On March 11, 2011, a 9.0-magnitude earthquake and tsunami struck Japan, killing thousands. The disaster crippled the Fukushima Daiichi power plant on the northeast coast, triggering a nuclear crisis.
One year later, Japan struggles to rebuild.
TOP: Yuko Sugimoto, covered with a blanket, searches for her child on March 13, 2011, after the quake and tsunami struck.
BOTTOM: Sugimoto found her son. She’s shown with five-year-old Raito in Ishinomaki, Miyagi Prefecture, Jan. 27, 2012.
Others, however, weren’t so fortunate.
Thousands of families were lost in the disaster.
damaged property: 679,871
damage cost estimate: $235 B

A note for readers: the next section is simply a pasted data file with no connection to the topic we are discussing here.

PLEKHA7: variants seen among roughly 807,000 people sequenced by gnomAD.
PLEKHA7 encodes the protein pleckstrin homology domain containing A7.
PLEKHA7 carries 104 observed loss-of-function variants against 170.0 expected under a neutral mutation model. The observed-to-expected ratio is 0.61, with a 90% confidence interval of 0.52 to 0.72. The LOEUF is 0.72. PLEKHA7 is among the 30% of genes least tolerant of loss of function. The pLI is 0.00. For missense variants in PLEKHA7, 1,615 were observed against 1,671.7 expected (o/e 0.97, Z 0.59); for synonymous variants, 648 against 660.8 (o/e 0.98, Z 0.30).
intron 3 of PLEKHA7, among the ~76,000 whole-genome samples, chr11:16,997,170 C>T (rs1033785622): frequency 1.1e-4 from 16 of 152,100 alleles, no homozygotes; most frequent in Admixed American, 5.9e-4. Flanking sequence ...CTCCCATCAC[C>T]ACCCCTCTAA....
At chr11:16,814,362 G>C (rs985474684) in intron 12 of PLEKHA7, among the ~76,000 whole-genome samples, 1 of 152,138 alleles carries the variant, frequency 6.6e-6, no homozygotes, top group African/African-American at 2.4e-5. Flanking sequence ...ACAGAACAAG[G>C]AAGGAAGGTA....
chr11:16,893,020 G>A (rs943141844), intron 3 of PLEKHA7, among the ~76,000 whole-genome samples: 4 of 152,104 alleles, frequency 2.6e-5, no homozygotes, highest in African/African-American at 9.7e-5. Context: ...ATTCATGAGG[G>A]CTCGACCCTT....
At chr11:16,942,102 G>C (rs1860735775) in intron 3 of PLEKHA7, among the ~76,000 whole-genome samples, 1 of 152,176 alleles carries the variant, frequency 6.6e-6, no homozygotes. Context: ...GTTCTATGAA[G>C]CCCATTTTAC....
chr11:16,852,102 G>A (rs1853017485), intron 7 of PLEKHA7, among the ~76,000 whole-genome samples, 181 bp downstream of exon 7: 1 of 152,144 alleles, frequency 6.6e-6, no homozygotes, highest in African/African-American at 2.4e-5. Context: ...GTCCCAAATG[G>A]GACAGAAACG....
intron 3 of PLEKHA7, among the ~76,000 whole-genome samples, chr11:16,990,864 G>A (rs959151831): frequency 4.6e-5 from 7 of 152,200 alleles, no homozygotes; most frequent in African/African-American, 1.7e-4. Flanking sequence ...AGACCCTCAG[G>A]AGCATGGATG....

On December 2011, the Japanese government announced that the crippled Fukushima Daiichi nuclear plant had reached a stable state of "cold shutdown" and that radiation leaks had dropped. But officials said the plant remains fragile, and it will take decades to fully decommission.
At least 80,000 residents who lived near the reactors are still unable to return home due to high radiation concerns.
A map shows deliberate evacuation area and restricted areas near the Fukushima Daiichi plant.
Japan's GDP dropped 0.9 per cent in 2011 from the previous year. The economy shrank for the first time in two years.